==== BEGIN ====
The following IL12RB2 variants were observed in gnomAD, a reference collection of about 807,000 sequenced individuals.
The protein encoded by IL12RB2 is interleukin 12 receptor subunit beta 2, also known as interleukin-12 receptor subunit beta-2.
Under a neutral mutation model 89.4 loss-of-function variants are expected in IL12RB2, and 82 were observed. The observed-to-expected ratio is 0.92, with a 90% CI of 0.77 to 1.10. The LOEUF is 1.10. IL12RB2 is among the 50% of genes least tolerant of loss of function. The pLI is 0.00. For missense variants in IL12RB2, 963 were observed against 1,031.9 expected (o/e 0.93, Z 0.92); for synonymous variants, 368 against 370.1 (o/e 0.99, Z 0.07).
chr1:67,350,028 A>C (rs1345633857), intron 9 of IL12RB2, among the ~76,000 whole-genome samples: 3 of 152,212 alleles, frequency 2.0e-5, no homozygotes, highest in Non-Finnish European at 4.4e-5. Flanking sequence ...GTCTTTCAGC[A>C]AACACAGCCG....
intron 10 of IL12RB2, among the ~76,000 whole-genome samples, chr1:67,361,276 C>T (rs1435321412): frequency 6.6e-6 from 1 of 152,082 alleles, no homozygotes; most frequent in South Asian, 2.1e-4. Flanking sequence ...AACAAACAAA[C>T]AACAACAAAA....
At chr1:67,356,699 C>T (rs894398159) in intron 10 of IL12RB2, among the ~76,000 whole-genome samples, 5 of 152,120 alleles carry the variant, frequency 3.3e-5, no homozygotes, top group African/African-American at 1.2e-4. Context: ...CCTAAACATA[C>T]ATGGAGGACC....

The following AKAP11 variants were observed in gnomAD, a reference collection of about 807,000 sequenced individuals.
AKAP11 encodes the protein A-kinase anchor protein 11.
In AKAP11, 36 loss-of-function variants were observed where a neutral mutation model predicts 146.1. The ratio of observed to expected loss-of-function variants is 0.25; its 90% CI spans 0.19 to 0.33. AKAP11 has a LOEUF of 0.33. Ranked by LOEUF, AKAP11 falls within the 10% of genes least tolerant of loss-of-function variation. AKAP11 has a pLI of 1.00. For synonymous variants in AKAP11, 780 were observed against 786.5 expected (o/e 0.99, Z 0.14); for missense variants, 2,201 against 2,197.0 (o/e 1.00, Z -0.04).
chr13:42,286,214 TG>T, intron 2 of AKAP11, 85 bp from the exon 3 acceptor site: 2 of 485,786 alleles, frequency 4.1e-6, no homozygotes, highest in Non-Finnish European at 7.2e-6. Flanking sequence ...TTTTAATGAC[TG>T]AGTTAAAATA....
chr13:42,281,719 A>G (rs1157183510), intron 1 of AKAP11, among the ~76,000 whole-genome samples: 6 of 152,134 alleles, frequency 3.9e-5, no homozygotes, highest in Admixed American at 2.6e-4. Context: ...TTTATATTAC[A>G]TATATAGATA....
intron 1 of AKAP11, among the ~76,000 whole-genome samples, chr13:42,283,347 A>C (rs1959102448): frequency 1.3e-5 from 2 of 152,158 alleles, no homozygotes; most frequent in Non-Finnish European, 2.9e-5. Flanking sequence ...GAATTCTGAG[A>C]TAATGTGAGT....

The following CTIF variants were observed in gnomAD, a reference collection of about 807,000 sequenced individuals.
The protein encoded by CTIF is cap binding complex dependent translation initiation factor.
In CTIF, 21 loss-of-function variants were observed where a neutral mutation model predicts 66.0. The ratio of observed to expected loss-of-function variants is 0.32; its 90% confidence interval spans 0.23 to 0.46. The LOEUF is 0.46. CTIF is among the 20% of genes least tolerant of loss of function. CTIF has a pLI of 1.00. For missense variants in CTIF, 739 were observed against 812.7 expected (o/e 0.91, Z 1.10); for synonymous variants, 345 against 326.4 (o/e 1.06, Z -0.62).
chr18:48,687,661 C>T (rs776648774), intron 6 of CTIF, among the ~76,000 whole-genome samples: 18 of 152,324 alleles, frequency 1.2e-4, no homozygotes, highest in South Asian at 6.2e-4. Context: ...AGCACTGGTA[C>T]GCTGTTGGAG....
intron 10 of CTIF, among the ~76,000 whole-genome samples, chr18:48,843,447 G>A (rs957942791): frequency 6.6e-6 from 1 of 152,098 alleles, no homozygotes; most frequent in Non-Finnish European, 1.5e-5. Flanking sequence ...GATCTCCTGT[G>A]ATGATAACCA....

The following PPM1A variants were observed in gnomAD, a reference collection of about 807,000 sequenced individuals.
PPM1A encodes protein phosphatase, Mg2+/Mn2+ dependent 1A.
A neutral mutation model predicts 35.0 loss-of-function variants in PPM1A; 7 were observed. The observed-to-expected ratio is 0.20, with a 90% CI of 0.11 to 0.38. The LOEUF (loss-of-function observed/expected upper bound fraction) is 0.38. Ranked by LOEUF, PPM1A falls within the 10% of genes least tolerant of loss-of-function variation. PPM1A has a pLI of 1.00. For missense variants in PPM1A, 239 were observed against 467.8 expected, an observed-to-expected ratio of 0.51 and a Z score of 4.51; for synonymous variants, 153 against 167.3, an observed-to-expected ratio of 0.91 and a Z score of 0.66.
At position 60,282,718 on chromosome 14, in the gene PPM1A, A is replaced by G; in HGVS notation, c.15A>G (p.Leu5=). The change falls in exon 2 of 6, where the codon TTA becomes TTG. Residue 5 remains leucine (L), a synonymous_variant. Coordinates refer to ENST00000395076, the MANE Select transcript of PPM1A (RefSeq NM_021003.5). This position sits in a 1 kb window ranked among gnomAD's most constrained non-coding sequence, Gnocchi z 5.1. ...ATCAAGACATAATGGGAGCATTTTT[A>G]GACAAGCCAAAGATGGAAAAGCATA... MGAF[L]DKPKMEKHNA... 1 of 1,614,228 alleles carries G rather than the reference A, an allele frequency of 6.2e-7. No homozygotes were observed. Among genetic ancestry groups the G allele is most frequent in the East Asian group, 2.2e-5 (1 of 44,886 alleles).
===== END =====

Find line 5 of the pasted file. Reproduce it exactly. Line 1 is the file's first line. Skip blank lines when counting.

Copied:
intron 10 of IL12RB2, among the ~76,000 whole-genome samples, chr1:67,361,276 C>T (rs1435321412): frequency 6.6e-6 from 1 of 152,082 alleles, no homozygotes; most frequent in South Asian, 2.1e-4. Flanking sequence ...AACAAACAAA[C>T]AACAACAAAA....